We were assigned small groups, to spend an hour together each day, but our two facilitators had not had time to discuss how they would run the group beforehand. A woman told me she had been playing croquet when “this idiot” came over and demanded her friend go to discuss the group. Of course she refused. I got irritated that we spent the first of our five hours together discussing how we might spend the time- I wanted more structure- but when Philip produced a conch for people to hold, so that one person would speak at a time, Peter picked it up and said he did not want to proceed in that way. Next day some were missing.
We hurt, and we opened. Jeff was alcoholic until he decided he had to Be Himself or die. When I said I had avoided suicide by deciding that I must not hurt my father, a woman said how serendipitous the conversation was, as she sought to console her friend whose daughter had killed herself. So I shared about how angry I felt about the oppression of my kind and the lack of self-worth we feel, and how liberating transition is- like moving from monochrome to technicolor.
During the week, I went to Leicester to consult with Dr Khoosal, a psychiatrist. I needed a second opinion so I could have my penectomy and vaginoplasty. He told me I was not ready: I needed laser treatment to remove my pubic hair and speech therapy. He thought I should not have testosterone suppression. Until I sorted all this out I could not have the Op. When I finally brought myself to open his letter weeks later, I found he recommended surgery: he had seen my distress, and changed his mind. However I left Leicester unable to express my misery or anger. I curled in a ball on the floor, and my friend covered me with a blanket.
I met a woman who had transitioned ten years before. She told me that she had put transition behind her and was simply a normal woman- an enviable state, I thought. Then she moaned about her wife and about transition experiences: she still felt the same anger. I asked a solicitor in the Blue Group what was the effect of a decree nisi without a decree absolute after ten years, and she revealed she was the trans woman’s daughter. Despite all my sharing, she had not thought to tell me before.
Before transition, I had loved country dancing. I could get high on movement, music, touch and eye-contact. I travelled to Germany in a demonstration team. Now, trying it in an afternoon session, I got angry with the others bodging, and laughing at their mistakes and ungainliness- this can be so much more! Worse, I was embarrassed and uncomfortable dancing on the man’s side, and confused on the woman’s. I left early. On the Friday evening I danced in the closing Ceilidh. Yes, I see other people are enjoying themselves, and still feel angry. So I went to find Anthea, the healer.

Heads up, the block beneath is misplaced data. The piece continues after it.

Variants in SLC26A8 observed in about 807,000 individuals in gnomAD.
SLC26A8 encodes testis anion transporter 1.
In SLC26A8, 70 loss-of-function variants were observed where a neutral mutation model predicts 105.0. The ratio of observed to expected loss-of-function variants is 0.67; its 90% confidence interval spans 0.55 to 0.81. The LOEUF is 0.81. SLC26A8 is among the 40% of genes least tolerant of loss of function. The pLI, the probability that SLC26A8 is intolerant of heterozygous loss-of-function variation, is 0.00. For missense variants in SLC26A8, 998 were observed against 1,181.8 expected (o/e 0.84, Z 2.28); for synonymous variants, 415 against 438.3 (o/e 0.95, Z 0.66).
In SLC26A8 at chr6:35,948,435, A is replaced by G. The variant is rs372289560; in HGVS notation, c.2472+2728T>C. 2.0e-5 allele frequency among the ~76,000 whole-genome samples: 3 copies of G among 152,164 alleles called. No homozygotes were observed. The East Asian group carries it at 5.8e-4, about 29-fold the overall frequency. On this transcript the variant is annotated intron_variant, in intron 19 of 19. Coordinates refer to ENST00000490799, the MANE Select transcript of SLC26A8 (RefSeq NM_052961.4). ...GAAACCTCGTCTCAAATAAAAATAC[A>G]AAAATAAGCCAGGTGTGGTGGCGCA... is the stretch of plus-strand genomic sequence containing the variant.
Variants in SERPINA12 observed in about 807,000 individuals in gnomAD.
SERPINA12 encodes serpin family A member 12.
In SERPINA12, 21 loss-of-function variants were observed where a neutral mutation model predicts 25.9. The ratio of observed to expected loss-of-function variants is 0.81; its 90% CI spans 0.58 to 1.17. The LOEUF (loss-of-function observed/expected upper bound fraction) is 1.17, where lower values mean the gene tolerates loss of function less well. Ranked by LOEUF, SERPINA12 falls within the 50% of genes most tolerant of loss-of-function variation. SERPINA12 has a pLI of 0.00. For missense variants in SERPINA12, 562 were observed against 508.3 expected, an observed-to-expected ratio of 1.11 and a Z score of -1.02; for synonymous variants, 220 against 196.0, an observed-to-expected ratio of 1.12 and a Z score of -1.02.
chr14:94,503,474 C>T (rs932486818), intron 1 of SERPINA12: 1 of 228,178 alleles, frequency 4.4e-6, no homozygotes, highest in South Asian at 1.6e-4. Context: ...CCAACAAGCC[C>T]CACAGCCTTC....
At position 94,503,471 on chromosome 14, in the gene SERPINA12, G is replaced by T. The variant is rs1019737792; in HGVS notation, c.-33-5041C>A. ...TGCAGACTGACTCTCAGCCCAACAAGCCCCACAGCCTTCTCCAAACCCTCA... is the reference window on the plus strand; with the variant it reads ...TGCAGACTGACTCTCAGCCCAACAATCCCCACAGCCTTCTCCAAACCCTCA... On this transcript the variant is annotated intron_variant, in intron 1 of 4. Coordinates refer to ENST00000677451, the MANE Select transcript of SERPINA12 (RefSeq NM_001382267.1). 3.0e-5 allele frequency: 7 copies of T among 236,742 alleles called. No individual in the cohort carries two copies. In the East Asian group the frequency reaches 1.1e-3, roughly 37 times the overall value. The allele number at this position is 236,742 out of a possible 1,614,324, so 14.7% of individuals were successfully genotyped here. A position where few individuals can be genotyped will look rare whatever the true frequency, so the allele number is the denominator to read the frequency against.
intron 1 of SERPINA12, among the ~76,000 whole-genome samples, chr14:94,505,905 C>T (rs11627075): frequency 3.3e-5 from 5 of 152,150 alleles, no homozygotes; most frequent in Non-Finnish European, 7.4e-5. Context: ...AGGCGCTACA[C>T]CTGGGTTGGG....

This is not what I do. This is not who I am. This is not what I believe. But it might be. And that might be good.
When do you change your mind? There was a time when I was absolutely certain of my former understanding. Now I know different. In between came a series of experiences challenging my earlier view and opening me to a different one, then confirming that different understanding. I have moved from right to left, Caliban to Ariel, rationalist to mystic, self-denial to self-expression, and in this experience my old way fractured from top to bottom, and green shoots of new life poked through.
Noticing everything is bliss and danger, distraction and- I notice
everything. I see the marks on the floor from the wrong kind of training shoes, the bars on the walls and the ropes from the ceiling, the sound my footsteps make, Anthea’s footsteps though I do not see her, no, I glance at her then drop my eyes. The sports hall expands, its ceiling the sky, its walls miles away, and I sit on the floor, resigned to whatever might happen. The way of being in me which would have been dismissive, judgmental, denying any possible value in this is silenced by my pain, but I am not, yet, a believer. I fear, but have sufficient trust in Anthea’s good-will and ability to hold the process that I go along with it. I see no alternative.
Anthea creates a flowing circle of healing energy around me so that only the highest and finest energy may come through, and asks me to focus on my chakras, a concept new to me. What colours do I see? I have no mind’s eye, so if I close my eyes cannot see anything, such that if I imagine a room I will imagine a verbal description of it. She insisted, and I plumped for red.
“Imagine your coccyx uncurling beneath you, extending downwards into the Earth. It roots you in the Earth, in our Mother Gaia, and energy from the Earth flows up for your healing.”
I try. I really do. I imagine my coccyx warily pushing down into the Earth, but it pulls back, unable to trust.
I speak my pain. I am begging that psychiatrist. “Do you have any idea what I feel? What did you do to diagnose? Can you not see that I am female?” Then I speak my anger at my mother. I imagine her on her death-bed, in the middle of that sports hall, and I prowl round it screaming at her. The foam is on her lips. “What did you mean, you still have work to do? Did I ever smile? Did you ever smile at me or touch me?”
I hear the Carpers at the back of my head. There are three of them. Anthea tells me to sit them in a chair in front of me, then bring them into my heart and love them. At this moment I realise:
I can channel the healing energy of God.
The first is like a baby whom I can pick up and cuddle. The second has a chalk-board and chalk, to lecture me. The third is black, a mass of energy. I need to make friends with it, as with a wild predator. I need to integrate, love and calm these aspects of me.
God’s Love is intimate.
At Anthea’s suggestion I have a shower then go to bed. In the shower I feel the healing energy of God channelled through my hands.